Beau here. So I recently started another blog that I am using with some guys I am "doing life with" as we try to spur one another on. Each of us in the group takes turns "taking the lead" on different roles. A couple weeks ago, I took on the role of EQUIPPING, helping challenge one another in our Bible study and siritual disciplines. Anyway, I just posted the below on the other blog, but I thought I would post it here too, hoping it would be an encouragement to other families on the journey of adoption. Praying for us all...
A bit long...sorry.
“God is great, God is good, thank you for this meal. Amen.” I have heard Caleb (my boy) say this so many times that I hardly process it when he says it. I want to unpack that a bit in this post and challenge all of us as to whether we really believe this.
So I spent my quiet time this morning in 2 Corinthians 1:1-11. I was specifically drawn to verses 3-10. I have included them here.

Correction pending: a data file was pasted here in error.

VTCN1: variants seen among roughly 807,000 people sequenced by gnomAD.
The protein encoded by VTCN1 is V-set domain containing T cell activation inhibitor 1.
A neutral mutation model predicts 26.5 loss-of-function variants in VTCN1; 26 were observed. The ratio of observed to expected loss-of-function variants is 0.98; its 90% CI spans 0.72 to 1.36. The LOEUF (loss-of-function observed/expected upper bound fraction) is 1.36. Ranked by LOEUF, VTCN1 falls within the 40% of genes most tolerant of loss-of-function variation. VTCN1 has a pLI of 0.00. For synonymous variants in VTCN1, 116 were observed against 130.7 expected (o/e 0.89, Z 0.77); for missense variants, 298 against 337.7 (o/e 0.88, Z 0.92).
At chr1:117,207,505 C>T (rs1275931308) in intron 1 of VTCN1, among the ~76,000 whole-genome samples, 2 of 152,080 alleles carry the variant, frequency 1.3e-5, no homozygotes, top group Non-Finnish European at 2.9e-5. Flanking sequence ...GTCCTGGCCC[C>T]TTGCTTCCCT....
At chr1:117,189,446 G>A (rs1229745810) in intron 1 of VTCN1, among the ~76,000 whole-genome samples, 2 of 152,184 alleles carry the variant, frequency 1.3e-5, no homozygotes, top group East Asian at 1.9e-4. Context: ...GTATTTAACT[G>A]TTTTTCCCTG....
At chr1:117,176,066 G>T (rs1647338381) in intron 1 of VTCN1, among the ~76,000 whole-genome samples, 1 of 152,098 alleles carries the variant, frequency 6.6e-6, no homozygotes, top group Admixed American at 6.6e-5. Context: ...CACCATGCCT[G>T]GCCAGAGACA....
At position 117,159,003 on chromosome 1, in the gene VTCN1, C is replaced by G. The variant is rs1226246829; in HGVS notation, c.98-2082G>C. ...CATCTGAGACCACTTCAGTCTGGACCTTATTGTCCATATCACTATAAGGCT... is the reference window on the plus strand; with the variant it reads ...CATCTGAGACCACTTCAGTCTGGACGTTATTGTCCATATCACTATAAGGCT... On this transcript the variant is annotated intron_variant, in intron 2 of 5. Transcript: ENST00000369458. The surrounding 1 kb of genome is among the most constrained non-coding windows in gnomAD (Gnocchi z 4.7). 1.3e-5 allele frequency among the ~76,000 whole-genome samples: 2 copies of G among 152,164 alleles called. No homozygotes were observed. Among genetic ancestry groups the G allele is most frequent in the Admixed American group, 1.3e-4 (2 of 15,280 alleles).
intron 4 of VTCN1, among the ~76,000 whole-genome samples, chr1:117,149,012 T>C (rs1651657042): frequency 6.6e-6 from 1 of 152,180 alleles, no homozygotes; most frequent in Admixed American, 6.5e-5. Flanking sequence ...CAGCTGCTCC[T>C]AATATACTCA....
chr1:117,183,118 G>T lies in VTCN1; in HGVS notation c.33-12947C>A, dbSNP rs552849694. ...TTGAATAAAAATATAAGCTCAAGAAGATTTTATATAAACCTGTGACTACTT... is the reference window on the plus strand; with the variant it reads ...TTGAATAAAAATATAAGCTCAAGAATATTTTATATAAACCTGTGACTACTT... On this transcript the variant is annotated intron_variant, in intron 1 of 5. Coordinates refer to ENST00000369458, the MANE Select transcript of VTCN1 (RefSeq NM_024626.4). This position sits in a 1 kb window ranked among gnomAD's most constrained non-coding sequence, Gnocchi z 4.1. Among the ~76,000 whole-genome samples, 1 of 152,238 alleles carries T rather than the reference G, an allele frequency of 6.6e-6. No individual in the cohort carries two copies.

Blessed is the God and Father of our Lord Jesus Christ, the Father of mercies and God of all comfort, who comforts us in all our troubles so that we may be able to comfort those experiencing any trouble with the comfort with which we ourselves are comforted by God. For just as the sufferings of Christ overflow toward us, so also our comfort through Christ overflows to you. But if we are afflicted, it is for your comfort and salvation; if we are comforted, it is for your comfort that you experience in your patient endurance of the same sufferings that we also suffer. And our hope for you is steadfast because we know that as you share in our sufferings, so also you will share in our comfort. For we do not want you to be unaware, brothers and sisters, regarding the affliction that happened to us in the province of Asia, that we were burdened excessively, beyond our strength, so that we despaired even of living. Indeed we felt as if the sentence of death had been passed against us, so that we would not trust in ourselves but in God who raises the dead. He delivered us from so great a risk of death, and he will deliver us. We have set our hope on him that he will deliver us yet again.